NASHVILLE, Tenn. (WTVF) — The Tennessee Department of Health reported 732 new COVID-19 cases on Thursday, bringing the total number of known cases in the state to 801,645.
Of the total cases, 776,548 are now considered recovered. The decline in active cases has slowed in recent weeks, only dropping by about 9% since March 1. Thursday's rate of positive new tests is 6.92%
Zero additional Tennesseans died since Sunday from COVID-19. TDH has attributed 11,713 deaths to the coronavirus so far.
Hospitals statewide reported 756 current COVID-19 patients overnight.
Metro health officials reported 538 new cases of COVID-19 on Monday. The local health department stopped sharing daily updates on Saturdays and Sundays this weekend, so Monday's update reflects 72 hours of data.
In Davidson County, there has been a total of 93,145 new cases, 90,305 of which are now considered recovered or inactive. Right now, 1,985 cases remain active in Metro Nashville, the highest number of active cases this month.
Four additional deaths were reported on Monday, an 88-year-old woman, a 62-year-old woman, a 61-year-old woman and a 75-year-old woman. The Metro Public Health Department said 770 residents have died from a confirmed COVID-19 case. Including probable and confirmed cases, 855 deaths have been attributed to the virus.
Below is data from MPHD on cases in Davidson County:
New cases per 100,000 people: 21.2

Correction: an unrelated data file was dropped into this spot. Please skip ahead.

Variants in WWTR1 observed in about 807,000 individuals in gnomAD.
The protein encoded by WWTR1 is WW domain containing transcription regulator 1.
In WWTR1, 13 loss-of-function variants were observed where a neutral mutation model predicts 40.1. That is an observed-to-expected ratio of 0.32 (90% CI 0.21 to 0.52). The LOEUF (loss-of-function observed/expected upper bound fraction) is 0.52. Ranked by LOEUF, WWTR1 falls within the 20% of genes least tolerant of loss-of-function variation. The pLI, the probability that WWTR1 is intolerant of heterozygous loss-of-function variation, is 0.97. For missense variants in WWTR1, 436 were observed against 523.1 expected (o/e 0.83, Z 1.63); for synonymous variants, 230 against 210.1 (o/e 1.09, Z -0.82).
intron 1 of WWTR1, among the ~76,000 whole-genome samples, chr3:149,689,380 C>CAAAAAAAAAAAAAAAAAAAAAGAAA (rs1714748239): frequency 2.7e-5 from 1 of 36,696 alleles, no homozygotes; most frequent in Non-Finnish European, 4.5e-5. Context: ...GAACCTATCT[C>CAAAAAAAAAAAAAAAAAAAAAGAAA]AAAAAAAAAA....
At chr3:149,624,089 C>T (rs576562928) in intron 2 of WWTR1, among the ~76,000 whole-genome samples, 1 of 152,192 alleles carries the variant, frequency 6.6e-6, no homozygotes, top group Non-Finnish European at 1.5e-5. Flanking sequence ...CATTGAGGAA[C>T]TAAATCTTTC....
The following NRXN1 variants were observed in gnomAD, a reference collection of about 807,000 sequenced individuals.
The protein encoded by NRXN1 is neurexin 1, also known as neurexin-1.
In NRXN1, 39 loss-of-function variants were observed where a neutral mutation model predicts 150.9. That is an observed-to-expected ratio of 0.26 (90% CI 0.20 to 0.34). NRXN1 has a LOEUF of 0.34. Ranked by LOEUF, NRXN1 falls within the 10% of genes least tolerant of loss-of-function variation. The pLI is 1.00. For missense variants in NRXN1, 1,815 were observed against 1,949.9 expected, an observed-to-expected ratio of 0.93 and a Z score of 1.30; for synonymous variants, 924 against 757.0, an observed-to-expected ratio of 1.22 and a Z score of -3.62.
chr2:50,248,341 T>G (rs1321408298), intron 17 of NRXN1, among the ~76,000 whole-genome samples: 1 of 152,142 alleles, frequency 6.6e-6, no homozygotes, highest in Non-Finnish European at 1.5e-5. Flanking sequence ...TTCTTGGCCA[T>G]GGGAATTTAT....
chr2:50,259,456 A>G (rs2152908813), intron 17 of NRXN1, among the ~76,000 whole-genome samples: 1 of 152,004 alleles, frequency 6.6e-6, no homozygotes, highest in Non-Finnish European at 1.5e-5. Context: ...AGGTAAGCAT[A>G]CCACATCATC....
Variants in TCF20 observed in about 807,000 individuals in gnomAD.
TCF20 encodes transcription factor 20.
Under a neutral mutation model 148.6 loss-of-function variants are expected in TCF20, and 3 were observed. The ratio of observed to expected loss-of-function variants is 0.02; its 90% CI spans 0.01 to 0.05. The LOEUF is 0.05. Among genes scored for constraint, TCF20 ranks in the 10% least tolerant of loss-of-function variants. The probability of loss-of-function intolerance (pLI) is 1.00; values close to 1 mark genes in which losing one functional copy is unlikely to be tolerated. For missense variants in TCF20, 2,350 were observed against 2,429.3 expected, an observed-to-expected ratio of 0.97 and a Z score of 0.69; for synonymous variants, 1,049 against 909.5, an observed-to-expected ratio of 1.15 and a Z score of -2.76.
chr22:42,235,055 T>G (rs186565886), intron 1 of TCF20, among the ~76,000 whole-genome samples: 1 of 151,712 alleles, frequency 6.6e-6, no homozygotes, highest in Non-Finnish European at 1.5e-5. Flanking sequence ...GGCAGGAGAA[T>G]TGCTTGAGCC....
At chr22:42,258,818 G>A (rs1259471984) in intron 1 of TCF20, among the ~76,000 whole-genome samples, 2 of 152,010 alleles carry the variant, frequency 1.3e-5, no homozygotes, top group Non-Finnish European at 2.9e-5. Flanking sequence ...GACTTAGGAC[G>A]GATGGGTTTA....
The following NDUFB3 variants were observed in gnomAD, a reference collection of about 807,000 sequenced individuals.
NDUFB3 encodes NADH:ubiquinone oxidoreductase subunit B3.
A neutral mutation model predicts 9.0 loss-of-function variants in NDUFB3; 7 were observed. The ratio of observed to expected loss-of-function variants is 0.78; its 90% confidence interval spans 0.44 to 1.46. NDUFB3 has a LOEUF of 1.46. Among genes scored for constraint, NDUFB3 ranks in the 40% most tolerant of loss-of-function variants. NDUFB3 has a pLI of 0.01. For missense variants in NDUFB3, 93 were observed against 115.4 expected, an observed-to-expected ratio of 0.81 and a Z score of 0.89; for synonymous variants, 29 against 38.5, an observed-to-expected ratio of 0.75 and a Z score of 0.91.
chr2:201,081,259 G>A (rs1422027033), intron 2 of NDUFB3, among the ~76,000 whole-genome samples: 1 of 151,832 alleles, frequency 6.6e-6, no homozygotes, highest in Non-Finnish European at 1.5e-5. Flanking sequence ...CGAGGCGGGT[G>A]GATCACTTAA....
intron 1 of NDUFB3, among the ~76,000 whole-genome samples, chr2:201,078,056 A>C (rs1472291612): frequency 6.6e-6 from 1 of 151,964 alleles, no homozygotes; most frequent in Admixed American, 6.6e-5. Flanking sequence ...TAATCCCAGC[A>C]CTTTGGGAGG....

Seven-day percent positive of COVID-19 tests: 4.4
Available Middle Tennessee hospital beds: 17 percent
Available Middle Tennessee ICU beds: 22 percent
Cases by sex:
Cases by age:
|Total active cases||1,985|
|Total number of tests conducted||Total positive/probable results||Total negative results||Positive results as percentage of total|
MORE TENNESSEE COVID-19 COVERAGE
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- Donate to the COVID-19 Middle Tennessee Emergency Response Fund
COUNTY-BY-COUNTY CASES IN TENNESSEE
What is COVID-19 (a.k.a. the new coronavirus?)
According to the World Health Organization, coronaviruses (CoV) are a large family of viruses that cause illness ranging from the common cold to more severe diseases. Examples include the Middle East Respiratory Syndrome (MERS-CoV) and Severe Acute Respiratory Syndrome (SARS-CoV). A novel coronavirus (nCoV) is a new strain that has not been previously identified in humans. COVID-19 stands for "Coronavirus disease 2019," which is when this strain of the coronavirus was discovered.
What are the symptoms?
The CDC says patients confirmed to have the 2019-nCoV reportedly had mild to severe respiratory illness with:
- Shortness of breath or difficulty breathing
Or at least two of the following symptoms:
- Repeated shaking with chills
- Muscle pain
- Sore throat
- New loss of taste or smell
At this time, the CDC believes symptoms could appear as soon as two days after exposure, or as long as 14 days.
The CDC is recommending "common sense" measures such as:
- Wash your hands often with soap and water for at least 20 seconds. If soap and water are not available, use an alcohol-based hand sanitizer.
- Avoid touching your eyes, nose, and mouth with unwashed hands.
- Avoid close contact with people who are sick.
- Stay home when you are sick.
- Cover your mouth and nose with a cloth face cover when around others.
- Cover your cough or sneeze with a tissue, then throw the tissue in the trash.
- Clean and disinfect frequently touched objects and surfaces.